The Illinois Appellate Court, First District, recently rejected a borrower's argument that a second mortgagee was barred from demanding payment in exchange for release of its lien after it had previously obtained a default judgment on the promissory note secured by the mortgage.
In so ruling, the Court noted that Illinois law allows a creditor to consecutively or concurrently pursue remedies under a mortgage and note, and that the second mortgage had not been extinguished in the foreclosure because a judicial sale of the property never occurred as required for a foreclosure to become final.
A copy of the opinion is available at: http://www.illinoiscourts.gov/Opinions/AppellateCourt/2013/1stDistrict/1121964.pdf.
Two banks extended loans to plaintiffs borrowers ("Borrowers") to finance the purchase of a residence. The first bank ("First Bank") secured its loan with a first mortgage on the property. Defendant bank ("Second Mortgagee") similarly secured its portion of the financing with a second mortgage on the same property. When Borrowers stopped making their loan payments, First Bank filed a foreclosure action against both Borrowers and Second Mortgagee, and subsequently obtained a default judgment against them. The court in the foreclosure action entered a judgment for foreclosure and sale, but the sale never took place. Rather, Borrowers set up a short sale of the property, with the sale being subject to the approval of both banks.
During the pendency of the foreclosure action, Second Mortgagee, through the co-defendant law firm ("Law Firm"), filed suit against Borrowers on the promissory note secured by the second mortgage. Several months following entry of the foreclosure judgment in First Bank's favor, Second Mortgagee obtained a default judgment against Borrowers on its note allowing it to garnish Borrowers' wages. Second Mortgagee recorded the judgment on the note.
Borrowers obtained an offer for the property for less than the amount of the foreclosure judgment, and First Bank agreed to approve the short sale if Second Mortgagee executed a release of its second mortgage. Second Mortgagee ultimately agreed to the release after requiring Borrowers to pay a small portion of the amount they owed.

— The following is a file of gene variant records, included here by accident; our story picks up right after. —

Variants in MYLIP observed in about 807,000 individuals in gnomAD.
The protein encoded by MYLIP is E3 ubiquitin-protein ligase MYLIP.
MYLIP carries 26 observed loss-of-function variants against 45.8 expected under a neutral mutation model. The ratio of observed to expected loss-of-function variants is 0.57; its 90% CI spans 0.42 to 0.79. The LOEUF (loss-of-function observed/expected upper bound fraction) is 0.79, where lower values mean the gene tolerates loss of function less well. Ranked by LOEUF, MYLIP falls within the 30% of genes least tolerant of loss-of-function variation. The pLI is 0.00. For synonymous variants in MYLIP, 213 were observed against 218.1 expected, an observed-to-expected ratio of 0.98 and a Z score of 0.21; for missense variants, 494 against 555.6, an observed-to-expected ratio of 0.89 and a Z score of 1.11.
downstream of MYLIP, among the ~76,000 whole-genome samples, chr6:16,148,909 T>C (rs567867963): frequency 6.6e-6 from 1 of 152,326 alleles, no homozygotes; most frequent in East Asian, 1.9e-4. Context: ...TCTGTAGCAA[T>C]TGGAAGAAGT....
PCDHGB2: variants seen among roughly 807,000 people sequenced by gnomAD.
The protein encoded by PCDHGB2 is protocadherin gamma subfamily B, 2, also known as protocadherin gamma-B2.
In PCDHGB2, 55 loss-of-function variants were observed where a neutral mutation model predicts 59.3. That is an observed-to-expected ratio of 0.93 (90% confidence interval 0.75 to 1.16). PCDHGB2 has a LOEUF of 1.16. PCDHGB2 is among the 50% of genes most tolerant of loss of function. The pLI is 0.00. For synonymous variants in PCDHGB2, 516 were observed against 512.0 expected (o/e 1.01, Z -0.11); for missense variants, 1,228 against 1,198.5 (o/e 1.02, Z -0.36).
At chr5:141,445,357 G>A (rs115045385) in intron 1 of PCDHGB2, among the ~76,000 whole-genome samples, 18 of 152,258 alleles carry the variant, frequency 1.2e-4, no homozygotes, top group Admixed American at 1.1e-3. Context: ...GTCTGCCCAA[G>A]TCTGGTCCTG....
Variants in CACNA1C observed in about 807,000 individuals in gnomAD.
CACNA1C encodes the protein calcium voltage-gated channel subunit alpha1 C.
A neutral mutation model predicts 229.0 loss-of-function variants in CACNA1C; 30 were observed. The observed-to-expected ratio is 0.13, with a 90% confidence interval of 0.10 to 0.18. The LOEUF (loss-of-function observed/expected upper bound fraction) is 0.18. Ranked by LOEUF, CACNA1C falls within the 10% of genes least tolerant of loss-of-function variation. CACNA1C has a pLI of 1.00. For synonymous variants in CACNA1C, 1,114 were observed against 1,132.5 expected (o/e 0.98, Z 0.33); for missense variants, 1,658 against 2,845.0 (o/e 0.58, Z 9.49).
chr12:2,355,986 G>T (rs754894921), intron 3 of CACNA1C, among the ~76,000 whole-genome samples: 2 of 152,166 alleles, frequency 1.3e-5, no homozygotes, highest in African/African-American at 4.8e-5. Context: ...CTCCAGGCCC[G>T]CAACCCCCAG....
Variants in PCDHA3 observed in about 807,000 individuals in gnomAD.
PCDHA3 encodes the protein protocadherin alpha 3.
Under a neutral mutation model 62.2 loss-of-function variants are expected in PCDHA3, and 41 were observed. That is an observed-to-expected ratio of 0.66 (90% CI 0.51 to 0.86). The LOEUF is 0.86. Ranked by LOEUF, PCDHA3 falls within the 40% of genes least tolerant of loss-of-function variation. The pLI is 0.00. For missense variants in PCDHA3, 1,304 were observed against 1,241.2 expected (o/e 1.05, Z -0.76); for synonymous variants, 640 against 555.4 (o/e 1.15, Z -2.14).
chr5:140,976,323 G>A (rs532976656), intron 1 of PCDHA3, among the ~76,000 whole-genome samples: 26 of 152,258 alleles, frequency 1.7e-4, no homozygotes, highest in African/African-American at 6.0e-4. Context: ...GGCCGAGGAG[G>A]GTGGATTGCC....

Without challenging the enforceability of Second Mortgagee's judgment against them on the note, Borrowers filed suit against Second Mortgagee and Law Firm, asserting that during the period when they were trying to sell their property, Law Firm improperly maintained that Second Mortgagee had an enforceable second mortgage following the judgment on its note.
Specifically, Borrowers argued that res judicata barred any action on the second mortgage, such as requiring payment in exchange for the release, once Second Mortgagee had obtained a default judgment on its promissory note. Borrowers also claimed that Second Mortgagee's demand for payment to execute the release violated the Illinois Consumer Fraud and Deceptive Business Practices Act, 815 ILCS 505/1 et seq., and, further, that Law Firm engaged in false or misleading conduct in violation of the federal Fair Debt Collection Practices Act, 15 U.S.C. § 1692 et seq.
Second Mortgagee and Law Firm moved to dismiss, arguing that Second Mortgagee's default judgment on the note did not bar it from enforcing the second mortgage, and that First Bank's foreclosure judgment did not extinguish the second mortgage since no judicial sale and confirmation of sale ever took place.
The lower court dismissed Borrowers' complaint with prejudice. Borrowers appealed. The Appellate Court affirmed.
As you may recall, the Illinois Mortgage Foreclosure Law ("IMFL") provides that a foreclosure "complaint . . . may be joined with other counts or may include in the same count additional matters or a request for any additional relief." 735 ILCS 5/15-1504(b).
The IMFL further provides that following a judgment of foreclosure, only a judicial sale of the subject property and judicial confirmation of the sale will terminate "with finality" the rights of third parties. 735 ILCS 5/15-1404.
Applying the so-called transactional test to determine whether res judicata barred Second Mortgagee's enforcement of its lien, the Appellate Court relied on court precedent and the IMFL in concluding that a mortgagee may choose whether to proceed on a note or to foreclose on a mortgage. See LP XXVI, LLC v. Goldstein, 349 Ill. App. 3d 237, 241 (2004)("mere proximity in time and the overlap of some of the parties [do not] render them a single transaction . . . ."); Citicorp Savings of Illinois v. Ascher, 196 Ill. App. 3d 570, 574 (1990)(ruling that a foreclosure judgment does not bar a later suit on a guaranty agreement). In so doing, the Appellate Court rejected Borrowers' assertion that enforcement of personal liability on the underlying note and a mortgage foreclosure action must be pursued in a single action.
Distinguishing between in rem, quasi in rem, and in personam actions, the Appellate Court also explained that the IMFL expressly applies only to mortgage foreclosures and does not require that other types of lawsuits, such as actions on a promissory note, be joined to the foreclosure in a single action.
The Court also ruled that under the IMFL, First Bank's foreclosure judgment against Second Mortgagee did not preclude it from pursuing payment in exchange for the release of its mortgage because First Bank never held a judicial sale of the property.
Finally, the Court also concluded that Borrowers' claims under the Illinois Consumer Fraud and Deceptive Business Practices Act and the federal Fair Debt Collection Practices Act could not survive in light of the Court's ruling on the viability of the second mortgage.
Ralph T. Wutscher
McGinnis Wutscher Beiramee LLP
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Chicago, Illinois 60602
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